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Tools For Transformation from the Wisdom Traditions 


Chapter 3, from "The Buddhist Path to Enlightenment"

(see Catalog listing of this book)

In Buddhism it is said that for people to live healthy and effective lives
it is both useful and important for them to cultivate a daily practice of
meditation. By benefiting their own minds in this way, making themselves more
calm, controlled and self-aware, they become both happier individuals and
better members of society. In Tibetan we have the terms rangdon and shendon
(1) which translates respectively as 'the purpose of oneself' and 'the
purpose of others.' To be of benefit to the world, we have to first put
ourselves in order. In the Mahayana, the motivation is to benefit ourselves
in order to be of greater benefit to the world. Meditation is cultivated on
this basis.
    The Tibetan term for meditation is gom (2). Gom literally means to
familiarize the mind with a concept, aspect ofbeing, or theme. In this
context it means to familiarize our mind with a spiritually significant
subject, or to integrate the essence of that theme into our stream of
    It is important to understand something about the types of meditation
practiced in Buddhism. The most general categorization of these is into a
twofold scheme: analytical meditation; and concentrated meditation.
    Analytical meditation is that part of the process of seeking a spiritual
path wherein one investigates the relevant aspects of the object (of
meditation) by means of reasoning. This helps one to gain strong conviction
and a deeper understanding.
    For example, in order to gain realization of the ultimate nature of the
mind, it is necessary for us first to understand the mode of its existence.
This is not possible without applying some kind of technique, and the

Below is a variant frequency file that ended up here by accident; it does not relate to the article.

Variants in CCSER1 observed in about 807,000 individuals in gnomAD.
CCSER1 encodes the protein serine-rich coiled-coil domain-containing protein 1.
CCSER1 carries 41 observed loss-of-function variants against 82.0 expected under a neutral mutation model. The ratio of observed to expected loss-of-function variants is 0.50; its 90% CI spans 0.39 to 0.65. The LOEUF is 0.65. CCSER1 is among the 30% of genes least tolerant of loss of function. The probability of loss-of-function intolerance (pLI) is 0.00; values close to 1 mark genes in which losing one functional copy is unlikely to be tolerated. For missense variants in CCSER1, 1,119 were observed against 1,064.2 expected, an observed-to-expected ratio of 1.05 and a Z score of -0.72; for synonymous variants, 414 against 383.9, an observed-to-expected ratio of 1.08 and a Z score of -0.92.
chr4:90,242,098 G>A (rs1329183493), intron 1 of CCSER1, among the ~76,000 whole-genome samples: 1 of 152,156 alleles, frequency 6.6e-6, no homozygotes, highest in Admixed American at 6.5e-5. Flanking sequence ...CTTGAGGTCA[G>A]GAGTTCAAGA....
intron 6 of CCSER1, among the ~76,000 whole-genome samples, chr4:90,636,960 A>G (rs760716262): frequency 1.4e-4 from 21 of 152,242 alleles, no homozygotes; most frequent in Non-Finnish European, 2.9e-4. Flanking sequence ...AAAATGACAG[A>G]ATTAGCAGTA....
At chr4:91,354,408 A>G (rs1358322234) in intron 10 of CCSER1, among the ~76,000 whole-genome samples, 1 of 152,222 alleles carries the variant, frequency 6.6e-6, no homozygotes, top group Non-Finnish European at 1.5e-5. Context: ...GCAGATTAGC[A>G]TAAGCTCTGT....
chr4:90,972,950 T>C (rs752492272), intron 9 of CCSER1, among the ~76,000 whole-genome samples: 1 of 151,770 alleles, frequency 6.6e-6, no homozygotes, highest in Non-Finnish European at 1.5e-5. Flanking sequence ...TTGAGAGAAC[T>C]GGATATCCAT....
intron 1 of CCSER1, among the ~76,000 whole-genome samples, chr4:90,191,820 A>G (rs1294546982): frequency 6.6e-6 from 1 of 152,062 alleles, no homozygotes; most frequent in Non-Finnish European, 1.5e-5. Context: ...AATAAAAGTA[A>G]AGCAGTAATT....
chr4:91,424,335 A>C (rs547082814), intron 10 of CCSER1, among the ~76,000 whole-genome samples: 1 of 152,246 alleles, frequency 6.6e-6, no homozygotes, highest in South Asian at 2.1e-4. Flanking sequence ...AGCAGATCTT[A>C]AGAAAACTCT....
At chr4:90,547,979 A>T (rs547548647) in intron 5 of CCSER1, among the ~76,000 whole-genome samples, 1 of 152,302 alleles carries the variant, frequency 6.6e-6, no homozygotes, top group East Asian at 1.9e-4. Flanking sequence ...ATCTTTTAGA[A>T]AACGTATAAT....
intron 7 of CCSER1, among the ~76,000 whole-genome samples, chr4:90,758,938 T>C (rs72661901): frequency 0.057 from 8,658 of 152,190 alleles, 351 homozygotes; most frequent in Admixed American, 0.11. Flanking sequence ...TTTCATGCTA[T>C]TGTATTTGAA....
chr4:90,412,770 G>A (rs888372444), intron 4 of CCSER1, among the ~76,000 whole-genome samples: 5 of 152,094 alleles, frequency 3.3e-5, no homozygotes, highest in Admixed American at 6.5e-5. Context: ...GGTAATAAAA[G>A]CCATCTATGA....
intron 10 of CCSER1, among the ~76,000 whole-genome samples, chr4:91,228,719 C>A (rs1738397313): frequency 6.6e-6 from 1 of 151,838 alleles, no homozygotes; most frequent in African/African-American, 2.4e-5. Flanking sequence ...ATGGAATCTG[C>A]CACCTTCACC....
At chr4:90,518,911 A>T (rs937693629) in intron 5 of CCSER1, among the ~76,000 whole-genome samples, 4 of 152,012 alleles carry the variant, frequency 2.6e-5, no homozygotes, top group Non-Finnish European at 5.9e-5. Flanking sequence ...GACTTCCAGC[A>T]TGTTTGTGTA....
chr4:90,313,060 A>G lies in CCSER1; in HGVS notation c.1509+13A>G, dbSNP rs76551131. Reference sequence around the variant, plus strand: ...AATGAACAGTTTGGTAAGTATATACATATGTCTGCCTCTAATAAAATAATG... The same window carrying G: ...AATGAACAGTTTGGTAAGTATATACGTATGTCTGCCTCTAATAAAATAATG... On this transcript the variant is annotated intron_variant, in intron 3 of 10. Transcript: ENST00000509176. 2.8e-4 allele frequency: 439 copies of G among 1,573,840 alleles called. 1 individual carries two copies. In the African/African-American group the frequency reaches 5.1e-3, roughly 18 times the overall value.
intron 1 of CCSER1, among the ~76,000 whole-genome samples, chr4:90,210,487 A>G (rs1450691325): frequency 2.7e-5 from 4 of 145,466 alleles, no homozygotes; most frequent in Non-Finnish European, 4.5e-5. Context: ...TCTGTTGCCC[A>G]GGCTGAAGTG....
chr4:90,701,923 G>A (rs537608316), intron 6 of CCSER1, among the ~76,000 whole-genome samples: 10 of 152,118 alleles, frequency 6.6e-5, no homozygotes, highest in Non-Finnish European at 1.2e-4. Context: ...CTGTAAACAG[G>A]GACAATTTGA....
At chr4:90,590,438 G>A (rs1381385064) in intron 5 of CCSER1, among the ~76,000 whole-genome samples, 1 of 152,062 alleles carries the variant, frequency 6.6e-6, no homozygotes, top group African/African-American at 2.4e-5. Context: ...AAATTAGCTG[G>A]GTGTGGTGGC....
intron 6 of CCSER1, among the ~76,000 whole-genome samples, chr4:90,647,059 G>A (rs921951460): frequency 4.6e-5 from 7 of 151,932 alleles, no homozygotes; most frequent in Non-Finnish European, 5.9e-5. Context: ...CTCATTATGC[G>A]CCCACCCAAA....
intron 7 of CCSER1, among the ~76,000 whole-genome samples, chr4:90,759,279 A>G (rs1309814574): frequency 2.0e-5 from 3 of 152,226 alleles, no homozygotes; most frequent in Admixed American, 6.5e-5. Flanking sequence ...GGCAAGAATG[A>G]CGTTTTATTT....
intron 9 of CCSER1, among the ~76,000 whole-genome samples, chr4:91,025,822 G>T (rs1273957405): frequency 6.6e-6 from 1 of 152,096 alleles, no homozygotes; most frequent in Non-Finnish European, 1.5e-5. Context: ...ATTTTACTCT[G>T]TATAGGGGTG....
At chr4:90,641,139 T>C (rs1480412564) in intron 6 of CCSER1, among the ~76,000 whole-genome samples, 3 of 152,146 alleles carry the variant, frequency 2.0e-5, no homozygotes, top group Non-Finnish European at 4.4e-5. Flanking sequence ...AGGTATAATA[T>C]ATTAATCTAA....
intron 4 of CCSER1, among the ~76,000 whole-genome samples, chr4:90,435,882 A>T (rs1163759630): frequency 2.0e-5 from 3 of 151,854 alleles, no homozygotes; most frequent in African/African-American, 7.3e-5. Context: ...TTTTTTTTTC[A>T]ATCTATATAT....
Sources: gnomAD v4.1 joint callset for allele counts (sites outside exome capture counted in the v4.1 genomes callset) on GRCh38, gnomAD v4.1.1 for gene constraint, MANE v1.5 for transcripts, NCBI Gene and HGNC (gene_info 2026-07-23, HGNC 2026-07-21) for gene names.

success in the appication of a technique must be preceded by our having
examined well the dynamics of that method.
    In general, any kind of mental investigation with an intention of
seeking a spiritual goal can be called analytical meditation.
    Concentrated meditation is the phase of mental application wherein our
mind is able to remain focused on a chosen object for a prolonged period of
time. That is to say, concentrated meditation occurs when we understand a
technique to the extent that we are able to place the mind on a given
subject with some degree of stability. Normally, analytical meditation
proceeds the concentrated application.
    Within concentrated meditation there is a special method for achieving
one-pointedness of mind. This method is called zhiney (3) in Tibetan, and
shamatha in Sanskrit. The form and method as well as the goal of zhiney is
more or less the same in both the Hindu and Buddhist traditions. That is to
say, it is considered to be a common practice of meditation for both. Zhiney
is said to be the foundation of all the meditational qualities required for
traversing the spiritual paths.
    Apart from zhiney, most other Buddhist meditaions differ from their
Hindu counterparts. These differences are often explained in terms of the
perspective if the meditator, and also the objects meditated upon.
    In general it is said that Buddhist meditation must be motivated by
disinterest with samsaric existence, and by compassionate thoughts towards
all sentient beings. Another characteristic of Buddhist meditation is that
all the various techniques must be pervaded by the concept of selflessness,
or anatma.
    As mentioned earlier, meditaiton can be of different types. In
particular I would like to discuss the type called zhiney, or single-pointed
    The practice of zhiney is very important to and useful for us, because
it is the principal method for calming and stabliizing the mind. Without it
our meditations will not lead to higher realization.
    When we have achieved a single-pointed mind our thoughts become clear,
calm and stable. In that state we can reason effectively, penetrating deeply
into any object of meditation and thus attaining pure realization of its
true nature. This penetrative mind is called lhagtong (4) in Tibetan, from
the Sanskrit visashyana, which means 'special insight.'